I’m happy to report that neighborhoods still do exist — only in a new and different form than most people are used to. In my complex, I’ve got pool friends. People I run into at the supermarket across the street. Parents whose kids say “hi” as they dash around the terrace.
Some of their names I know. Buffy, for instance, was born for stand-up. Will is one of the brightest, most gentlemanly young guys I’ve EVER met (You did a great job, Daisy). Mason, Hudson and Charlie are absolutely gorgeous little guys, with hair that this old man envies. Others, meanwhile, get nicknames: the dentist, the mayor and his wife, the ab master (talk about a six-pack).
Then there’s the peaceful, smiling gentleman I call Roshi, tender of his bucket garden — and, apparently, a closet Yankee fan. There are the conscierges — all helpful and attentive (though I think they tend to smoke too much). We even have one with the same name as me who could’ve played a Corleone on the big screen.
And yes, you too, Juan, crack maintenance man. You fix things to last.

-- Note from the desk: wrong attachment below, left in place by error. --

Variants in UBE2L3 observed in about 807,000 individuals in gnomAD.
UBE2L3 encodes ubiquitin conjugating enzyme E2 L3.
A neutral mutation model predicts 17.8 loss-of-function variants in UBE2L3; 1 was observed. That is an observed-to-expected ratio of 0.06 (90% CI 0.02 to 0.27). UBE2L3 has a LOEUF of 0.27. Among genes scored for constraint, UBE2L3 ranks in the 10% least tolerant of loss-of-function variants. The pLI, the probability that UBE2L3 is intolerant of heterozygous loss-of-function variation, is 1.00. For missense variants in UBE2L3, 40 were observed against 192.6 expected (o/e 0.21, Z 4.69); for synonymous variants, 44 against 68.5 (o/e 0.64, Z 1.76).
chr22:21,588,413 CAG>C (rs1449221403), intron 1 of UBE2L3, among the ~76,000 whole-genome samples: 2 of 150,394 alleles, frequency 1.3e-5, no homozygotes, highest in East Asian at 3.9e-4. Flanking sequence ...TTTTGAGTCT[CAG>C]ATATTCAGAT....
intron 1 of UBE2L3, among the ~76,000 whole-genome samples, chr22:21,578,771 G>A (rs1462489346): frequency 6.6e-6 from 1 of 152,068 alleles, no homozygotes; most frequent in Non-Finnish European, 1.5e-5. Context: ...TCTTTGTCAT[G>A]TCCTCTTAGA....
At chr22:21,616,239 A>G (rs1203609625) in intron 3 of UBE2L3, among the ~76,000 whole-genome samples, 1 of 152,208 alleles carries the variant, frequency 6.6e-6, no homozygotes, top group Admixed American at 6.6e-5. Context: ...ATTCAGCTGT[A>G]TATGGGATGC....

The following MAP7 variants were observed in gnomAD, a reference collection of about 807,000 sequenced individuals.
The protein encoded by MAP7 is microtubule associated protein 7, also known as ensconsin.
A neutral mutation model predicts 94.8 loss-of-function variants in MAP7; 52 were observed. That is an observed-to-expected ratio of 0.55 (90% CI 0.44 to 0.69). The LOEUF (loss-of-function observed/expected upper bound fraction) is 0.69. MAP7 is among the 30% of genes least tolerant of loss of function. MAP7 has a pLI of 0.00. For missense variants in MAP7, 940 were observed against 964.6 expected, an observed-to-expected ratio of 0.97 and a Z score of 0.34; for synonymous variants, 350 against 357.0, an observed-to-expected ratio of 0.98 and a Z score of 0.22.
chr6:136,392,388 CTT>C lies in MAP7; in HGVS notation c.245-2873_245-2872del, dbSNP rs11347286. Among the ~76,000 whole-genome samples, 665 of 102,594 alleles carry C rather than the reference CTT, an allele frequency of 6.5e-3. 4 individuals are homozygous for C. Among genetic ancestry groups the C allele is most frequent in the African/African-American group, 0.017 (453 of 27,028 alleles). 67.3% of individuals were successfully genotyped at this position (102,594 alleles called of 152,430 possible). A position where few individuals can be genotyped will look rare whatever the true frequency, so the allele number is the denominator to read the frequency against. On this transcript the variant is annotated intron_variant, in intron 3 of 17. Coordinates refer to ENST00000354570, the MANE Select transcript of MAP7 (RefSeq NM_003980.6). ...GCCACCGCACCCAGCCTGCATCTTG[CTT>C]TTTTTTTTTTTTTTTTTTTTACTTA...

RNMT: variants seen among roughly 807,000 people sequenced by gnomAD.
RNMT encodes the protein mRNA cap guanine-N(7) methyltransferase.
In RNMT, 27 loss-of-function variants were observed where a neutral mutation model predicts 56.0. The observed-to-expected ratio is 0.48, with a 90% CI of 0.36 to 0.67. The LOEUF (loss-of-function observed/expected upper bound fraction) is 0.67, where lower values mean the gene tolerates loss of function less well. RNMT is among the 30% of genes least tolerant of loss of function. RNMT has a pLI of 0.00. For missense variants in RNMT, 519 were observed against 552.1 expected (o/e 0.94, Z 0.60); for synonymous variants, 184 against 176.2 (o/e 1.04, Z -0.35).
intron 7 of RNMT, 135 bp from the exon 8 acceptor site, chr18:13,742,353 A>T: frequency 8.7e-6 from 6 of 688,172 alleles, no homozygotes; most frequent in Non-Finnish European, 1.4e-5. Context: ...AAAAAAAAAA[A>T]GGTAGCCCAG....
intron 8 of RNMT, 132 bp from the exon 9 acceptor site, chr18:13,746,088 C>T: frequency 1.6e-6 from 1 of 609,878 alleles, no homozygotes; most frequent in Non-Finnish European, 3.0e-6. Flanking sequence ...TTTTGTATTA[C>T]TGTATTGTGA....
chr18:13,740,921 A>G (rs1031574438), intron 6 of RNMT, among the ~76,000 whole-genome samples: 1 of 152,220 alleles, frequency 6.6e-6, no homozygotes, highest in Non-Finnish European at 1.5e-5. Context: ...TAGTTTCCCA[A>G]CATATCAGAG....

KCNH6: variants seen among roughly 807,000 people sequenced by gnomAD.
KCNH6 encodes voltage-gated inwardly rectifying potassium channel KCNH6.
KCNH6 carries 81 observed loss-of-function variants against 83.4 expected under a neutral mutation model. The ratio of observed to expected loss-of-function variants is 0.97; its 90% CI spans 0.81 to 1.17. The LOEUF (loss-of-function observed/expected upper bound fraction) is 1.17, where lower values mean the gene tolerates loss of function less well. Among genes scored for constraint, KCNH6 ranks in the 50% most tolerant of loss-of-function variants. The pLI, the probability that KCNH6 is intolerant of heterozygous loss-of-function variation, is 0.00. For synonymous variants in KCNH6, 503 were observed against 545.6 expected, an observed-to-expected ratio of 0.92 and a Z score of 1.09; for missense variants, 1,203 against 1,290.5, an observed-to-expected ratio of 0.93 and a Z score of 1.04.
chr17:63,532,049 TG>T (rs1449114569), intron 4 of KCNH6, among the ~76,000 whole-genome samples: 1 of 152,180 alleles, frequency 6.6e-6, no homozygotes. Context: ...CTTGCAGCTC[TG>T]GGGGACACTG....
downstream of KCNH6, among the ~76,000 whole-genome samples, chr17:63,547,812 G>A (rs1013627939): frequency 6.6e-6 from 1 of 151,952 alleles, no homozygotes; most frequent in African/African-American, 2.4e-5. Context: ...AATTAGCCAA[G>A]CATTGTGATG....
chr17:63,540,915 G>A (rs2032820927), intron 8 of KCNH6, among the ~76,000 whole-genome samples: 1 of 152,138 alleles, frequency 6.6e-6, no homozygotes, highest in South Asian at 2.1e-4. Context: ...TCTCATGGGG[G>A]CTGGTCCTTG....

On July 4th, people began setting up early — like, 8:30 in the morning — on the terrace. At first, everyone went out of their way to respect each other’s space. But as the day went on, that space began to shrink and the sharing began — food, drink, laughs. People scooted over so that others could see.
By the time the first bomb burst, we had a block party goin’ all up in here.
So here’s a SHOUT OUT to neighbors — to all the cool people who stop to say “hello,” who ask how you’re doing, who hold the elevator while you fumble with the mailbox key, who pick up your towel when it blows off the chair — and who laugh and play with your kid even as he whizzes toys past their head.
How thee, neighbor? Excellent, I see.
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